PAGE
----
“We hold [traumas] in our body...let’s leave some of this on our mat, leave it here, shed a tear if you need to, cry... Let’s physically try to refresh so we can come back and be as efficient and effective as possible. From my own personal experience, you really can’t help other people without helping yourself first.”
Wise words from Aabi Abdun-Nafi, a yoga instructor who leads free, restorative classes at Black Lives Matter Plaza in Washington, DC.
“Hold your own mental health and wellbeing paramount; it’s just as important as you showing up to the protest,” she continues. Afterall, she says “we’re in this for the long haul.”
Click play to watch an exclusive yoga flow from Aabi, recorded especially for Youth To The People, and read our full interview with Aabi below.
For more restorative self-care, check out the latest issue of To The People zine, Dream Beyond, shipping free with all orders while supplies last.
Alyssa Shapiro: How long have you been practicing yoga?
Aabi Abdun-Nafi: I've been practicing for around eight years. Initially it had nothing to do with mindfulness at all, I'll be honest. I wanted to learn how to do a handstand, I wanted to get stronger. There are some spiritual and mental benefits to yoga, and I thought that’d be great. That wasn't what initially got me going to it at all, but that's definitely what kept me coming back.
AS: How has your practice benefited you?
AAN: It has given me a space to be still for a second. Like a lot of other people, I can have a very overactive mind. I can get high anxiety, get overwhelmed, and it gave me a moment to just be still and to just be okay with where I was at. It wasn't about working towards anything or, “I need to do this better, I need to do a handstand.” Where you are right now is okay. I can just sit there with my own mind, with my own body, and be okay with where I am, and know that I'm still doing the work of becoming better—a better person, a better friend...
AS: Has what you’ve learned through yoga helped you cope at all with trauma and stress in your life?
AAN: Oh, absolutely. During college, I had a couple of breakdowns. I was extremely depressed and I had even gone so far as to start kicking into depressants. I had even checked myself into the mental ward of the hospital for a few days, because I had just kind of reached a level where I just couldn't function past my depression and anxiety.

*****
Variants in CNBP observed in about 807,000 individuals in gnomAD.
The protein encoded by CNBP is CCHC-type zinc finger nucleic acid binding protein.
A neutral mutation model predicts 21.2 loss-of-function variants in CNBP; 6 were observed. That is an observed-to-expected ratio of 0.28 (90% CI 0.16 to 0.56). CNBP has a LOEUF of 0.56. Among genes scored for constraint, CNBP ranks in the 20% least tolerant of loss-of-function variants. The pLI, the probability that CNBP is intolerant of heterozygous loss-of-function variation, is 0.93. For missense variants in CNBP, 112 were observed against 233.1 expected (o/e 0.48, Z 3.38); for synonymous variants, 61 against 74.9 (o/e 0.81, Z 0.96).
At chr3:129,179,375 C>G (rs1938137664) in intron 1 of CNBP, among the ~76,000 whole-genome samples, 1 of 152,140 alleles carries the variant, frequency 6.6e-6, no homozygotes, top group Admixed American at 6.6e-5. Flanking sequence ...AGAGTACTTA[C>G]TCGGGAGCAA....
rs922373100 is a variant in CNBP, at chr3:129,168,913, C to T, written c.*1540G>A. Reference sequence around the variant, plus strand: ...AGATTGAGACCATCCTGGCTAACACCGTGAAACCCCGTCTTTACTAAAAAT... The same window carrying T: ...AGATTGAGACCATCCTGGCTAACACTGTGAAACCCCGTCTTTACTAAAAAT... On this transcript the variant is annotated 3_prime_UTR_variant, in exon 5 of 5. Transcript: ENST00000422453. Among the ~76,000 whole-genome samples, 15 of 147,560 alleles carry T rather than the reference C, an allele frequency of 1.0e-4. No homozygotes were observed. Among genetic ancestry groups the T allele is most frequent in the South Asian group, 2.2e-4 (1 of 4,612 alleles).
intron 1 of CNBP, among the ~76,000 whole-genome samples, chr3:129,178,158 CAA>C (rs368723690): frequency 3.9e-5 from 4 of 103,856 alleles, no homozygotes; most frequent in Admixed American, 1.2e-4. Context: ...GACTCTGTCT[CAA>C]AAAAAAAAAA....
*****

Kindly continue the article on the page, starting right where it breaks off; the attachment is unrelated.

The drugs helped me for a little bit, but it wasn't a long term solution for me. I couldn't feel sad, but I couldn't feel anything; I couldn’t feel happy either. Yoga definitely helped me; instead of stuffing it down and putting a bandaid over it, I was able to sit in it and feel it and then let it wash over me.
Like I said again, to be still in those moments of chaos and moments of just a lot going on in your mind and your body, it helped me be able to move through that. Even to this day when I have that high stress, it definitely helps me kind of release some of it, and it offers me a place to be kind to myself once again and to let myself just feel what I feel.
Wherever I'm feeling, I have every right and reason to feel, no matter how ridiculous it is or how ridiculous I think it is. Just feel it and then it'll go away faster. You know, the more you beat yourself up about it, the more it keeps on regurgitating itself, like, “Hey, you still haven't dealt with me yet.”
AS: That’s such a good learning—sitting with something, letting it wash through you, seeing what it has to offer, and then letting it go.
AAN: I think that there's a lot of pressure, societal pressure, or social media pressure, what have you. Even though we are opening up a lot more about mental and emotional wellness, there's a lot of pressure to kind of always feel like you need to show up in a certain way. Which is not true, you know?
That has definitely taught me that however you show up is okay, cause even on the mat, there are some days when I'm in class, I'm like, yes, I'm awesome. And then some days I come in, I'm like, I'm just gonna lay here. I can't, I can't. Really a better yogi knows to be where they are and if that's what you need for the day, to just be there and lay on your back and pretty much just take a nap for an hour? Then that’s your yoga process for the day. That's fine. It's what you needed.
AS: Personally I find a lot of benefits in child’s pose and staying there as long as possible.
AS: Tell me about your involvement in Occupy DC.
AAN: I am one of the organizers for the yoga classes. I also help with some logistics and organizing with our other events. We all are jacks of all trades. Mainly what I do is put together the yoga classes that we offer. They originally started as a way to decompress after the protesting and stuff that we have organized, or just being out there processing in general for weeks on end, especially for those people who have been out there doing the early protesting when things are very violent, very aggressive, high energy.
You have every right to be angry, to be upset. You can't always react in that space without exacerbating the situation. You know what I mean? I'm basically lead instructor for those classes. I help to screen any of the other teachers, as far as organizing everything that we have to set up, all that jazz. Aside from that, I just help out where I can fit in with whatever else we have going on.
AS: How did a yoga class at Black Lives Matter Plaza first even come up as a possibility?
AAN: It had initially been arranged through Occupy DC and another organization that we partner with called Bartenders Against Racism, led by a bartender here in DC. The first class was actually not taught by me at all. They were just like, Hey, we're collaborating on this event. I'm like, “Yeah, that's totally up my alley.”
I was one of the first people there. I was talking to one of the organizers and it was led by a white woman and she did a great class. Like, it was awesome. But, I approached her after class and I was like, “Hey, thinking about the tone of everything right now, I definitely think that this should be led by a Black person, especially if this is meant for Black people, as well as in the spirit of what we're doing, amplifying Black voices.” She was completely on board and was like, “Yeah, you can do the next one.” And the next one took off. And then I pretty much just took it over from there.